September 11, 2001 has changed our world in many ways. Above anything else, it brought questions of what governments can and must do in order to prevent acts of violence to the fore. Answers were given, but they were the wrong answers. Limitless spying and surveillance of people, torture and imprisonment in Guantánamo and other places, such as secret prisons, and the unlawful drone killing operations led to the dismantling of the rule of law and our constitutional rights and liberties on a scale that was considered unimaginable and impossible thirty years ago.
Politicians in Germany and France and elsewhere continue to look away systematically. They do not want to bother. We will not accuse our allies of violating international law and human rights law. This is, however, exactly what we should have done already a long time ago. In not speaking up, we created the impression that there are double standards and that we are fine with that. The abnegation of our responsibilities made us into accomplices. It is now time to understand that the goal does not justify the means. This principle applies to everyone and to every situation. Above anything else, it applies to the state.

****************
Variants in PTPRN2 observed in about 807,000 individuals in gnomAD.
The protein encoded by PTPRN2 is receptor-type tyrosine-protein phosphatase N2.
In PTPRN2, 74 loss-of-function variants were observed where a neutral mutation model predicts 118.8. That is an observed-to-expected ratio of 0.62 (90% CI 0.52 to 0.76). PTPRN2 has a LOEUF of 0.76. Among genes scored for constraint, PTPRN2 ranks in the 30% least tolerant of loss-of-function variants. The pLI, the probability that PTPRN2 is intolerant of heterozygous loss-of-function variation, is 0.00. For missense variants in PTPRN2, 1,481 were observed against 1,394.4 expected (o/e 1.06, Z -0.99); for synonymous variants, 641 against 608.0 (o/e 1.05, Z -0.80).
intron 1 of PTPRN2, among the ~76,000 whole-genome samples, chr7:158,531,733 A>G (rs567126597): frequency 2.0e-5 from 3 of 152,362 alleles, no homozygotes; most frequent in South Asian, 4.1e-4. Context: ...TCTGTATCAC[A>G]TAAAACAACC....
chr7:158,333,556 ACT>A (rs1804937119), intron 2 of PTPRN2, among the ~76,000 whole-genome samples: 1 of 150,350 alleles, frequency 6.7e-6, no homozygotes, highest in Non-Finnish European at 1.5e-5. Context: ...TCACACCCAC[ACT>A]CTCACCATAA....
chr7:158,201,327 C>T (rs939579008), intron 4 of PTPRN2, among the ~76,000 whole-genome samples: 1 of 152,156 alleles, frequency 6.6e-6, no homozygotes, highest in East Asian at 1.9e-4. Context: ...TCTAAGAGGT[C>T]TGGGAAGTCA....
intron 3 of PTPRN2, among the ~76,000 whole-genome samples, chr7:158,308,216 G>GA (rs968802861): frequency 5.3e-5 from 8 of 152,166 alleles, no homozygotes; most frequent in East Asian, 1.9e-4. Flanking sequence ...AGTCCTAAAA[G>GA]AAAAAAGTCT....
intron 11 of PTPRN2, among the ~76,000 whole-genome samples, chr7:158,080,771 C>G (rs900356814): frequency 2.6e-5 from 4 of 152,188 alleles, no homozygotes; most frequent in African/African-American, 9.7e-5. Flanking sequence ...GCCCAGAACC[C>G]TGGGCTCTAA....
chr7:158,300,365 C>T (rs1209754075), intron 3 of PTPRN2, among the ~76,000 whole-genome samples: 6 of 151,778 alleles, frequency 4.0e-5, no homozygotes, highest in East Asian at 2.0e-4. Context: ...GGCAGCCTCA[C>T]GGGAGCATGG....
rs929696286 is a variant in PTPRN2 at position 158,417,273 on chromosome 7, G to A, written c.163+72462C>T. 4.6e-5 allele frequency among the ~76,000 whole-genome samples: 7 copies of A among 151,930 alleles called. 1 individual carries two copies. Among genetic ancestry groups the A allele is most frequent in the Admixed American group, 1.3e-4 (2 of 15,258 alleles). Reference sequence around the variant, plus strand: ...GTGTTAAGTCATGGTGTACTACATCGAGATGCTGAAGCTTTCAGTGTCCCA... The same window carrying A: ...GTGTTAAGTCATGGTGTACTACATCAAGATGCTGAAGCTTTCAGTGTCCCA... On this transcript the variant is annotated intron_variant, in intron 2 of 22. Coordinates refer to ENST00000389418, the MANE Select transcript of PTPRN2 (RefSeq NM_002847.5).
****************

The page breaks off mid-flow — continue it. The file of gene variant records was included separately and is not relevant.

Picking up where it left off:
The worst possible reaction comes from those who eagerly postulate a connection between the terrorist attacks and the refugee crisis. Their numbers will be significant. The extreme right abuses the attack in Paris to demand the closure of borders and the massive expulsion of Syrians. The fact that the refugees are themselves the victims of extremist violence counts for nothing. They also conveniently forget that the assassins of Paris probably spent their entire lives in Europe. They probably come from extremely deprived urban areas, which may explain their radicalisation. And even if one of the terrorists entered Europe as a refugee, as many media suggested, wrongly as it turns out in the meantime (the Syrian passport found at the Stade de France is a fake and it is unknown to who it belongs), what does it prove? Should we suspend the United Nations Convention of 1951 which deals with refugees and asylum seekers because one terrorist slipped through the mazes of the net? The truth of the matter is that many traumatised people will come our way. Their fate depends primarily on our reactions and our daily interactions with them. The most ordinary things carry importance. I experienced it yesterday at an airport. Hundreds of passengers pass through customs without being searched, but two young men with black hair and a dark complexion and one coloured woman are stopped. We can act as if skin colour is somehow correlated with being a terrorist risk, but we would be wrong. We need to stop all of this and work towards an open and tolerant society with equal rights and equal treatments and dignity for all. That is our only chance to overcome the hatred.
This is an updated version of an article that was published on flassbeck-economics November 16.
Translation W. Denayer